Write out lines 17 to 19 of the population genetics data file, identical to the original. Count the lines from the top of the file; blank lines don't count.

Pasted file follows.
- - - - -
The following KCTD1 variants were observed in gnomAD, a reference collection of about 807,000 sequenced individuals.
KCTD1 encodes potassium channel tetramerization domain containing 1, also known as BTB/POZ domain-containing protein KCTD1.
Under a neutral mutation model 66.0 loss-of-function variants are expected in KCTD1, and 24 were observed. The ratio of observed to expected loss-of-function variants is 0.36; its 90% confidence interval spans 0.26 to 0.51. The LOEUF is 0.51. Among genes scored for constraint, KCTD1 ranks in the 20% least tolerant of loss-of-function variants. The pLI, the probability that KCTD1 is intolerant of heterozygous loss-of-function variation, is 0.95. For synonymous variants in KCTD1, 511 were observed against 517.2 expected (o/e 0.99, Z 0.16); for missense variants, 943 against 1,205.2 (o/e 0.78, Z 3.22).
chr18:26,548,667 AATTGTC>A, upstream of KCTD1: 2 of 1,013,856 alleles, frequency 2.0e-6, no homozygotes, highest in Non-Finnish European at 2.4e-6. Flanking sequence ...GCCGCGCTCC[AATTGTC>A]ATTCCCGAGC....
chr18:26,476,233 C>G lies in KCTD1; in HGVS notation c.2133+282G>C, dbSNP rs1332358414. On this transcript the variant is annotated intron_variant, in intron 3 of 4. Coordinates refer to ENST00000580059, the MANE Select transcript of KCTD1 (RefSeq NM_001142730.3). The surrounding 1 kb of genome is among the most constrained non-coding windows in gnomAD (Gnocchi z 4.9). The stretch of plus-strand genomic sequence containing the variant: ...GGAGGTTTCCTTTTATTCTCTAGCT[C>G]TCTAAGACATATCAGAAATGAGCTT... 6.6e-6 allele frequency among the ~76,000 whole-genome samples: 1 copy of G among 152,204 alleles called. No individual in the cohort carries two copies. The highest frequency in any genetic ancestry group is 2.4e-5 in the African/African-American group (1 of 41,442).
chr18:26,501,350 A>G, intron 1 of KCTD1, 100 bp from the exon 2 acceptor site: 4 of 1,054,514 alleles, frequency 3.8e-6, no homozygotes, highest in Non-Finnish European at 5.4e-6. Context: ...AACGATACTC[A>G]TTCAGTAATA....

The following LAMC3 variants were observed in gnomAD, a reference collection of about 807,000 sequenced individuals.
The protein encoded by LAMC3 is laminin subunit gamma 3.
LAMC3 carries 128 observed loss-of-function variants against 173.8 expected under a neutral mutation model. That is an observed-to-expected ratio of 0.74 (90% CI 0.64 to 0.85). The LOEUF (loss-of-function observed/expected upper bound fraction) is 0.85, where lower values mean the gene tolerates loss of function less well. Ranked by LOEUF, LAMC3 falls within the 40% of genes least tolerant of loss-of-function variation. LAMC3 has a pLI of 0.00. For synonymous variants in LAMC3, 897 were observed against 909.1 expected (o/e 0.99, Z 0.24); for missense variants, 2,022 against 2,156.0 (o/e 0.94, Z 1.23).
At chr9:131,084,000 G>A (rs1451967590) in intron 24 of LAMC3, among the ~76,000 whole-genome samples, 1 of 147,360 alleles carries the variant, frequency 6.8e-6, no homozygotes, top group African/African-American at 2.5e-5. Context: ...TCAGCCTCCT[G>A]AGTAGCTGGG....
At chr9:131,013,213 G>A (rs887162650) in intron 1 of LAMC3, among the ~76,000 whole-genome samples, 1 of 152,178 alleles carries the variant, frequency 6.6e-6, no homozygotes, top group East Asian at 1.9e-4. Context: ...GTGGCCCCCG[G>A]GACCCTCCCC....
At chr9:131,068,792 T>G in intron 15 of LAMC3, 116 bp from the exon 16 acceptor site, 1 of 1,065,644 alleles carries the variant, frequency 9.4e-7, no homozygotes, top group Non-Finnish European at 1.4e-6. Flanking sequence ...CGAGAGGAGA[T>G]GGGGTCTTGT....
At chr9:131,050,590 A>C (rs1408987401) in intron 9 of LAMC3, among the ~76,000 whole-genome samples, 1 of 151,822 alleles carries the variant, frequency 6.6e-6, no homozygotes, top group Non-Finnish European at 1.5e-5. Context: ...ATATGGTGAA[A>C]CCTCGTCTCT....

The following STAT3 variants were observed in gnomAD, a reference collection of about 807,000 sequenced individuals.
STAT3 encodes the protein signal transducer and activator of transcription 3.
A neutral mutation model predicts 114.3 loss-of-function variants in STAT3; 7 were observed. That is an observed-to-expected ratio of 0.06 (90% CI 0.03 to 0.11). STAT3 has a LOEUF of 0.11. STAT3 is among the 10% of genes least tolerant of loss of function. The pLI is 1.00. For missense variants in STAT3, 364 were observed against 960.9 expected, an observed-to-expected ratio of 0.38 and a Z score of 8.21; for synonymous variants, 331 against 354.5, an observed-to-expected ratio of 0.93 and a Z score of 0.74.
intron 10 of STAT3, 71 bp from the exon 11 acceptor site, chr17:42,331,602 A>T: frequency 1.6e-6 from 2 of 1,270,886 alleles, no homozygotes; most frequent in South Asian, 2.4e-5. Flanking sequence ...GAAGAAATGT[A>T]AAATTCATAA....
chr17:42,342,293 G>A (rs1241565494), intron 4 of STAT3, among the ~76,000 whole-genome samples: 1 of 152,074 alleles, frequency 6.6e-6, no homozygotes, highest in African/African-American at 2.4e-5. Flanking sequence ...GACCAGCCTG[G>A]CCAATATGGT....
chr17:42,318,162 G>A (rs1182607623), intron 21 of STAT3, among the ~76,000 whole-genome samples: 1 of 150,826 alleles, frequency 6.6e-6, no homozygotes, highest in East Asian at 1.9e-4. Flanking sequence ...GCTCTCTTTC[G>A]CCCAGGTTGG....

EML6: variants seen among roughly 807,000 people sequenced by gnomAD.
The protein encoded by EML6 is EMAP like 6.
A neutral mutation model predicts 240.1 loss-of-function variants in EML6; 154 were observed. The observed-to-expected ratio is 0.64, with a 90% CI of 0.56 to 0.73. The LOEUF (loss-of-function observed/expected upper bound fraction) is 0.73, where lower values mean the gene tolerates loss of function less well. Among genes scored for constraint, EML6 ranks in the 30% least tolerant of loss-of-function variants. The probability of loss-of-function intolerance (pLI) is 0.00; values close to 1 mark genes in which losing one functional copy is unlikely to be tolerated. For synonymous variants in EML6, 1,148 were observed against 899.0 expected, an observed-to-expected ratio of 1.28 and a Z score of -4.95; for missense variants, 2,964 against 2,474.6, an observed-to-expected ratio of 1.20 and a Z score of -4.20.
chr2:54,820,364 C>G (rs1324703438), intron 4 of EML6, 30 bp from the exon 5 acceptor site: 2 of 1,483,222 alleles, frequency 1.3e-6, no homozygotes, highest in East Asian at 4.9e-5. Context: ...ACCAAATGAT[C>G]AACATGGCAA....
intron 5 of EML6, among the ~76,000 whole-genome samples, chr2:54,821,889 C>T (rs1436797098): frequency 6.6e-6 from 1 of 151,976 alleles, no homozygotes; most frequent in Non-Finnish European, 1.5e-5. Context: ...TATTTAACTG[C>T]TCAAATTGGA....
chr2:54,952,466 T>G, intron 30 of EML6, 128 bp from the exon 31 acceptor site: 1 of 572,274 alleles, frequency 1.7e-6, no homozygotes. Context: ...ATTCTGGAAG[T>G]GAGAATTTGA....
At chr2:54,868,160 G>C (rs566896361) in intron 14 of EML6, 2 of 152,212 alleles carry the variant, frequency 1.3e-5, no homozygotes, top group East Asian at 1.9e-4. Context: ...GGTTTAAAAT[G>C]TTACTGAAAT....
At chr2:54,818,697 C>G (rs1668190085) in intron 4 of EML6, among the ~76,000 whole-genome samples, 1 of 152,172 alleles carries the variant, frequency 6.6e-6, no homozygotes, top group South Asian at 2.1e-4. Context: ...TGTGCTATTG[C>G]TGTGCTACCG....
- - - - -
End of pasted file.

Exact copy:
intron 10 of STAT3, 71 bp from the exon 11 acceptor site, chr17:42,331,602 A>T: frequency 1.6e-6 from 2 of 1,270,886 alleles, no homozygotes; most frequent in South Asian, 2.4e-5. Flanking sequence ...GAAGAAATGT[A>T]AAATTCATAA....
chr17:42,342,293 G>A (rs1241565494), intron 4 of STAT3, among the ~76,000 whole-genome samples: 1 of 152,074 alleles, frequency 6.6e-6, no homozygotes, highest in African/African-American at 2.4e-5. Flanking sequence ...GACCAGCCTG[G>A]CCAATATGGT....
chr17:42,318,162 G>A (rs1182607623), intron 21 of STAT3, among the ~76,000 whole-genome samples: 1 of 150,826 alleles, frequency 6.6e-6, no homozygotes, highest in East Asian at 1.9e-4. Flanking sequence ...GCTCTCTTTC[G>A]CCCAGGTTGG....